Roman Empire Review

The Good

Brings social strategy gameplay to a mobile interface. Easy on battery life. Quests give structure to gameplay. Interface is clear despite lack of standard graphical elements.

The Bad

Text is poorly-localized to a degree that is completely annoying. Gameplay is completelystandard for genre. Lack of graphics can make some parts of the game feel very rote.

Roman Empire brings social strategy games to mobile, but in a very ugly way

On Facebook, social strategy games based on the classic online game Travian have turned into a booming business for developers like Kabam. Roman Empire is iFree Studio’s attempt to bring the formula mobile, where the format faces certain challenges. Mobile handsets generally can’t offer quite as much screen real estate as the average PC screen, and strategy games frequently revolve around carefully arranging detailed building icons on a series of maps. Roman Empire has removed this aspect of these games entirely, in favor of an interface that is almost entirely text-only.

Roman Empire

A text-only social strategy game works better than you might think. Parts of the game that typically involve swapping between two or three different maps can be managed more quickly in Roman Empire, which has the player manage all of their holdings, resources, and armies from a hub area. Different locations in the hub map to different functions. Roman Empire is still basically about amassing resources generated by farms, lumber mills, and mines – you just don’t spend time positioning these holdings on a mini-map. Instead you create the holding by purchasing it, then you generate more by upgrading the initial holding. It’s quite reminiscent of playing a text RPG like Mafia Wars.

While there’s nothing new or different about Roman Empire‘s gameplay, squeezing a game like this onto a mobile interface is genuinely impressive. The global chat channels that Travian clones usually offer, as well as other social features, are all available in Roman Empire. The game is broken into factions, dictated by which power you choose to follow (Caesar, the Senate, or the Spartans) and a very long string of tutorial quests does a good job of getting you started in the game. Roman Empire was even relatively easy on battery life, at least on the HTC Incredible used to test the game.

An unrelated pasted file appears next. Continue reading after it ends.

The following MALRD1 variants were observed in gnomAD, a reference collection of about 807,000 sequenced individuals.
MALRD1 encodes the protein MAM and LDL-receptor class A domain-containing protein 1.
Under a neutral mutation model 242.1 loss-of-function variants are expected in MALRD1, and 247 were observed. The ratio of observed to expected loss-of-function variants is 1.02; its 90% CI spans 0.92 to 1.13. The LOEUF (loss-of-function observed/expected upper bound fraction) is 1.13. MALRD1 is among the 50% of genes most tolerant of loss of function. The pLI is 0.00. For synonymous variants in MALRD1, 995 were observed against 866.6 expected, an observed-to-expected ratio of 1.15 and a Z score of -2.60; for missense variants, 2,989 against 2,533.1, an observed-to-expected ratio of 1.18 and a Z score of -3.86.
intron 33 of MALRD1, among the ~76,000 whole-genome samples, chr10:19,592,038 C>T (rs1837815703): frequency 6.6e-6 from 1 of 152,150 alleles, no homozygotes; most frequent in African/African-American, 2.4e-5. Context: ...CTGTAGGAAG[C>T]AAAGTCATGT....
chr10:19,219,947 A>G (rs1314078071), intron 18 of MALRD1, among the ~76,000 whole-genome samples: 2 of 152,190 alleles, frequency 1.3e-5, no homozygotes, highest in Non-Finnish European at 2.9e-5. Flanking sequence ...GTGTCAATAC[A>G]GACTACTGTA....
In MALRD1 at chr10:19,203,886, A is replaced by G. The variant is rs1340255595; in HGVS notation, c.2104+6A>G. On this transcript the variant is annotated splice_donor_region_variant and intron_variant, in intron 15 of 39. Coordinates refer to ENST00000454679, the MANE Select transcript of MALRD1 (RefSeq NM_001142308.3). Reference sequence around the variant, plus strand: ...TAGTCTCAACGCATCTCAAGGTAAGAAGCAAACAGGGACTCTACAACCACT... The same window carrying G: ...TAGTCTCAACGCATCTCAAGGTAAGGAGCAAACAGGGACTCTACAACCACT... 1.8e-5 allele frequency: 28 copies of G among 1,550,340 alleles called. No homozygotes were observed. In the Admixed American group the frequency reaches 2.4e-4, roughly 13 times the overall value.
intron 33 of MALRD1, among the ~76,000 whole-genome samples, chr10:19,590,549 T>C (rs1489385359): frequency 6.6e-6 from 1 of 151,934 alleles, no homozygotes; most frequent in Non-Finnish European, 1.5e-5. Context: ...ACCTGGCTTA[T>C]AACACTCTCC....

There is one problem with Roman Empire‘s text-based approach, though, and that is the abysmal quality of the in-game text. The entire game reads like it has been localized very poorly from either another language, or possibly another game. Sometimes game mechanics are referred to by highly inconsistent terms, which can get as bad as different parts of the text referring to particular holdings by different names. This would be bad enough in a game with more visual cues, but in Roman Empire the text of the game is really the only way to orient yourself.

Roman Empire

The localization issue is the main thing that keeps Roman Empire from being a solid strategy option for Android owners. Otherwise, Roman Empire has figured out how to make a classic online social genre work on mobile. Some players may well still enjoy Roman Empire despite the poor quality text, but social strategy games tend to be titles that users become deeply involved with. Any gamer interested in this sort of title would probably be much happier simply sticking to a Facebook iteration of the genre, or finding a Flash-based one compatible with their handset.

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